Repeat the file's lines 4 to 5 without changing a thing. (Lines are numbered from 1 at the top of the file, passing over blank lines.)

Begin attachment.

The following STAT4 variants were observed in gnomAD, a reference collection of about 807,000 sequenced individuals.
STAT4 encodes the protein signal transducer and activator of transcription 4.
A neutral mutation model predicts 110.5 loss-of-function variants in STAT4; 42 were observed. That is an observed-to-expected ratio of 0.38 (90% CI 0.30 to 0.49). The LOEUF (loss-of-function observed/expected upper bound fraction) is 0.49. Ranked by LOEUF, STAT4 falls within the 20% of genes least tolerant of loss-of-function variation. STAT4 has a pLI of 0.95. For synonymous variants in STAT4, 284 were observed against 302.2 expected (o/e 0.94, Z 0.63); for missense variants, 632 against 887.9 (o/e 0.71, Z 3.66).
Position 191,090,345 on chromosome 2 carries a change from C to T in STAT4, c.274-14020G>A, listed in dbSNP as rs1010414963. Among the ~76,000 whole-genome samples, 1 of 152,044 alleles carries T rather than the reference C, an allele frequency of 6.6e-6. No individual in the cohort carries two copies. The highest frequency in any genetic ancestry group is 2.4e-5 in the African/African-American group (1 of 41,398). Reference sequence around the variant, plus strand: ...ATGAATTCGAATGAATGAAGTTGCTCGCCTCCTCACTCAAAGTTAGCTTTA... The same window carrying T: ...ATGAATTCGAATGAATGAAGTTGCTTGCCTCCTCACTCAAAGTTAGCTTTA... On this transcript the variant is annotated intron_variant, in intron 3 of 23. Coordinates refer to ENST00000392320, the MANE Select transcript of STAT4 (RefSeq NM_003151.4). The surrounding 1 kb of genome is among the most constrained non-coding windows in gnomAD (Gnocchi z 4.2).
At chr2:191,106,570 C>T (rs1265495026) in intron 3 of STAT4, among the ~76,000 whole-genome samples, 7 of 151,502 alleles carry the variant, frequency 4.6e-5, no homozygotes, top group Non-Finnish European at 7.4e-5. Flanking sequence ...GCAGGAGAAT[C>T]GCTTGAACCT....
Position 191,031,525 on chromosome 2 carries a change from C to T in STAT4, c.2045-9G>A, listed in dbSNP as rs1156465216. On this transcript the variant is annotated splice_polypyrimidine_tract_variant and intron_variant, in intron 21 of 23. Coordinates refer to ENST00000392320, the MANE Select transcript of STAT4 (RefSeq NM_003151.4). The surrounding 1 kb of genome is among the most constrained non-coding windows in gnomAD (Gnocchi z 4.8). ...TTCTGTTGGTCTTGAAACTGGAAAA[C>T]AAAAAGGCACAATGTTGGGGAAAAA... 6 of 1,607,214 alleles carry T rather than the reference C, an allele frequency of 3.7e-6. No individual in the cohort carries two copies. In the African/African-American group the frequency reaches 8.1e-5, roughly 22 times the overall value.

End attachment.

Position 191,090,345 on chromosome 2 carries a change from C to T in STAT4, c.274-14020G>A, listed in dbSNP as rs1010414963. Among the ~76,000 whole-genome samples, 1 of 152,044 alleles carries T rather than the reference C, an allele frequency of 6.6e-6. No individual in the cohort carries two copies. The highest frequency in any genetic ancestry group is 2.4e-5 in the African/African-American group (1 of 41,398). Reference sequence around the variant, plus strand: ...ATGAATTCGAATGAATGAAGTTGCTCGCCTCCTCACTCAAAGTTAGCTTTA... The same window carrying T: ...ATGAATTCGAATGAATGAAGTTGCTTGCCTCCTCACTCAAAGTTAGCTTTA... On this transcript the variant is annotated intron_variant, in intron 3 of 23. Coordinates refer to ENST00000392320, the MANE Select transcript of STAT4 (RefSeq NM_003151.4). The surrounding 1 kb of genome is among the most constrained non-coding windows in gnomAD (Gnocchi z 4.2).
At chr2:191,106,570 C>T (rs1265495026) in intron 3 of STAT4, among the ~76,000 whole-genome samples, 7 of 151,502 alleles carry the variant, frequency 4.6e-5, no homozygotes, top group Non-Finnish European at 7.4e-5. Flanking sequence ...GCAGGAGAAT[C>T]GCTTGAACCT....